Communication in construction is imperative, and throughout my time at Sheffield Hallam this has been at the core of everything that we have studied. From day one there was a distinct focus on ensuring the entire cohort could interact effectively with a wide range of individuals through the modules selected as well as the teaching and delivery methods of the lecturers.
Having spent 3 years with my classmates I have seen most of them develop both their professional and interpersonal skills immensely. As we depart education and embark on our full-time careers in construction, there is no doubt that our tutors have greatly enhanced our knowledge and abilities, ensuring that they produce the most well-rounded building surveyors possible.
Personally, this emphasis on communication, and in particular early communication, has benefited me greatly. Working as a building control surveyor, early communication with designers and contractors ensures full compliance is achieved with the fewest number of issues possible.
This skill showed its worth when I was tasked with project managing a new large industrial development. After receiving the drawings and specification I identified that the project would not comply with any prescriptive guidance. As this was noted early – and the client was able to instruct a fire engineer to provide a solution before works had commenced – there were no major implications to the project. Had we not established early dialogue and communication, this could have led to several issues down the line.
This site is one of many that I am project managing at present, several of which are vastly different in nature. The role of a building control surveyor means that we need a very diverse knowledge base, ensuring we can cover a wide range of areas. Throughout my APC journey I have been assigned progressively more challenging projects as I have developed my abilities. Tackling these more complex projects has without a doubt accelerated the learning process, ensuring that all competencies are met along the way.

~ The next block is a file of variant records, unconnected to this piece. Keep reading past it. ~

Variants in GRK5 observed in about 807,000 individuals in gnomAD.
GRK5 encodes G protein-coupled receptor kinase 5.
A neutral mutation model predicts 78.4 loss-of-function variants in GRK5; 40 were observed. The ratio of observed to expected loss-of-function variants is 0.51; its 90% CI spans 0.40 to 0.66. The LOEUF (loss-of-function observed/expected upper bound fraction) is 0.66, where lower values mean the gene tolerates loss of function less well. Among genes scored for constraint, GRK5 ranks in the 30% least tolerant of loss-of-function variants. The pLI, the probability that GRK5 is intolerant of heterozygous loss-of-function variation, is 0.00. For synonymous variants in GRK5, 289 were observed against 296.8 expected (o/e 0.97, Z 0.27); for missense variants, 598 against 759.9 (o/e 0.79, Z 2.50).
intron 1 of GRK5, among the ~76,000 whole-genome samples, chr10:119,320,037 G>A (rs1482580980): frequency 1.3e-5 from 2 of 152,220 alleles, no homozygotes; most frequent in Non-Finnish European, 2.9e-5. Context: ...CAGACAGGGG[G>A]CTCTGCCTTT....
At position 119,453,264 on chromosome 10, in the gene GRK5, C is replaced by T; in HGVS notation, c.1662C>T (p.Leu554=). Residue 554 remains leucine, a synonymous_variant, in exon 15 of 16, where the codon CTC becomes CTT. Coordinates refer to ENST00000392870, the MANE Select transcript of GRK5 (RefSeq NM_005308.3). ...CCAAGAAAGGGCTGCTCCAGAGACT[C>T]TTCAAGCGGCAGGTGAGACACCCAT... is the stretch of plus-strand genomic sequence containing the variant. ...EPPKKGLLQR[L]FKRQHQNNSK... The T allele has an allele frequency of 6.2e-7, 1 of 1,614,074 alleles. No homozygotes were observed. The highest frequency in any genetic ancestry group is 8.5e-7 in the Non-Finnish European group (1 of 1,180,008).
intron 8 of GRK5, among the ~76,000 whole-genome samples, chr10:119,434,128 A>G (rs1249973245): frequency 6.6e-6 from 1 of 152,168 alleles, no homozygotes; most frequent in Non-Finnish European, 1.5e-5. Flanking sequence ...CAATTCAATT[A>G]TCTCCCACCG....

The need to diversify is something that has been forced upon us all. Due to the COVID-19 pandemic and subsequent lockdown, businesses are being pushed into more creative ways of thinking and working. Here at Assent we took several steps to ensure the business would survive during these troubled times, including placing a proportion of the workforce on furlough while operating a smaller team of site inspectors.
Personally, furlough allowed me spend more than the mandatory paternal leave allowance at home following the birth of my son Rudie. It also allowed me to get ahead with my APC as well as making the finishing touches to my dissertation. I chose to cover fire safety in high-rise residential buildings for my dissertation topic, investigating in particular the changes that were proposed by Dame Judith Hackitt in her review of building regulations and fire safety.
As part of my research I conducted face-to-face interviews with professionals from various disciplines, getting their views on the report, the changes proposed, the Grenfell Tower fire itself and many other issues with fire safety in the UK. Throughout these interviews it became evident that many changes are needed; more skilled, competent professionals need to be upskilled, and most importantly the framework as to how high-risk buildings are assessed needs to be improved.
As I come to the end of my APC journey, the time that I am dedicating to my training and development is increasing day-by-day. Throughout my time at Assent there has always been an importance placed on suitable CPD being delivered to the workforce. Since the beginning of lockdown, we have had weekly CPD via Microsoft Teams. This weekly event has given me a reset point and a checkpoint to evaluate where I am at, and where I need to be.
“Tackling these more complex projects has accelerated the learning process, ensuring that all competencies are met along the way”